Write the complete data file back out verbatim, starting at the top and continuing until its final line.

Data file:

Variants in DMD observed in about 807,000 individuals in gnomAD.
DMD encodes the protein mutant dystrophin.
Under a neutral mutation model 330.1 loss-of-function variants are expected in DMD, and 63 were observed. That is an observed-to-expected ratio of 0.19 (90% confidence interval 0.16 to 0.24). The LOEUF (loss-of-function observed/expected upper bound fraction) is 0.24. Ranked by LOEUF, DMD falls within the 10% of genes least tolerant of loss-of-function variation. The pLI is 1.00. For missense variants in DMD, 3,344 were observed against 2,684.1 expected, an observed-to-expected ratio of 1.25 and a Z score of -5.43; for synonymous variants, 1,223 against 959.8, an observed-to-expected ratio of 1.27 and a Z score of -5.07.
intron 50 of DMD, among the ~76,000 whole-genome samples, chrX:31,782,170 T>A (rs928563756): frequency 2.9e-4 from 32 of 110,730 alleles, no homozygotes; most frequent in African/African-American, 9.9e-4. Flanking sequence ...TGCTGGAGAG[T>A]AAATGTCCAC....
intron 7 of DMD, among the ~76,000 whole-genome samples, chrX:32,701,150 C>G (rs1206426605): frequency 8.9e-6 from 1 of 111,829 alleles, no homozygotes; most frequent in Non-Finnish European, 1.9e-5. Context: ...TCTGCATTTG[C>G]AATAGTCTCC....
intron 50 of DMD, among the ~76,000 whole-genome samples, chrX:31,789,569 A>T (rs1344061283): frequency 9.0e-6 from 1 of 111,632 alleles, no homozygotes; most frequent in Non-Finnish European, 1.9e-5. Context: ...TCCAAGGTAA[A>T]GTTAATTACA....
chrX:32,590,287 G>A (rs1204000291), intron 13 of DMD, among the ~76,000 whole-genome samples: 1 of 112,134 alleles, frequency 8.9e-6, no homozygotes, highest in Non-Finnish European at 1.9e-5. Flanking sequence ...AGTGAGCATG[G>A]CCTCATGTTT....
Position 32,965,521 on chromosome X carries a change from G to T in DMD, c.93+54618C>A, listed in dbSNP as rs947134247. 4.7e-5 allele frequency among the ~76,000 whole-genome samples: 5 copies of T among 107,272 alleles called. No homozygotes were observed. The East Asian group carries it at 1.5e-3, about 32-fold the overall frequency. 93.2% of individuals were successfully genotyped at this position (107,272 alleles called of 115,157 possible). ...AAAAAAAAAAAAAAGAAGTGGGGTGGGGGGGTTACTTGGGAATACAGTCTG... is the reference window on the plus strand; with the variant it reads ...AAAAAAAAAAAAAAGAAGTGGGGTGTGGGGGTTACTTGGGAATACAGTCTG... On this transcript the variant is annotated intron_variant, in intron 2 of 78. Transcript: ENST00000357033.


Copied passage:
Variants in DMD observed in about 807,000 individuals in gnomAD.
DMD encodes the protein mutant dystrophin.
Under a neutral mutation model 330.1 loss-of-function variants are expected in DMD, and 63 were observed. That is an observed-to-expected ratio of 0.19 (90% confidence interval 0.16 to 0.24). The LOEUF (loss-of-function observed/expected upper bound fraction) is 0.24. Ranked by LOEUF, DMD falls within the 10% of genes least tolerant of loss-of-function variation. The pLI is 1.00. For missense variants in DMD, 3,344 were observed against 2,684.1 expected, an observed-to-expected ratio of 1.25 and a Z score of -5.43; for synonymous variants, 1,223 against 959.8, an observed-to-expected ratio of 1.27 and a Z score of -5.07.
intron 50 of DMD, among the ~76,000 whole-genome samples, chrX:31,782,170 T>A (rs928563756): frequency 2.9e-4 from 32 of 110,730 alleles, no homozygotes; most frequent in African/African-American, 9.9e-4. Flanking sequence ...TGCTGGAGAG[T>A]AAATGTCCAC....
intron 7 of DMD, among the ~76,000 whole-genome samples, chrX:32,701,150 C>G (rs1206426605): frequency 8.9e-6 from 1 of 111,829 alleles, no homozygotes; most frequent in Non-Finnish European, 1.9e-5. Context: ...TCTGCATTTG[C>G]AATAGTCTCC....
intron 50 of DMD, among the ~76,000 whole-genome samples, chrX:31,789,569 A>T (rs1344061283): frequency 9.0e-6 from 1 of 111,632 alleles, no homozygotes; most frequent in Non-Finnish European, 1.9e-5. Context: ...TCCAAGGTAA[A>T]GTTAATTACA....
chrX:32,590,287 G>A (rs1204000291), intron 13 of DMD, among the ~76,000 whole-genome samples: 1 of 112,134 alleles, frequency 8.9e-6, no homozygotes, highest in Non-Finnish European at 1.9e-5. Flanking sequence ...AGTGAGCATG[G>A]CCTCATGTTT....
Position 32,965,521 on chromosome X carries a change from G to T in DMD, c.93+54618C>A, listed in dbSNP as rs947134247. 4.7e-5 allele frequency among the ~76,000 whole-genome samples: 5 copies of T among 107,272 alleles called. No homozygotes were observed. The East Asian group carries it at 1.5e-3, about 32-fold the overall frequency. 93.2% of individuals were successfully genotyped at this position (107,272 alleles called of 115,157 possible). ...AAAAAAAAAAAAAAGAAGTGGGGTGGGGGGGTTACTTGGGAATACAGTCTG... is the reference window on the plus strand; with the variant it reads ...AAAAAAAAAAAAAAGAAGTGGGGTGTGGGGGTTACTTGGGAATACAGTCTG... On this transcript the variant is annotated intron_variant, in intron 2 of 78. Transcript: ENST00000357033.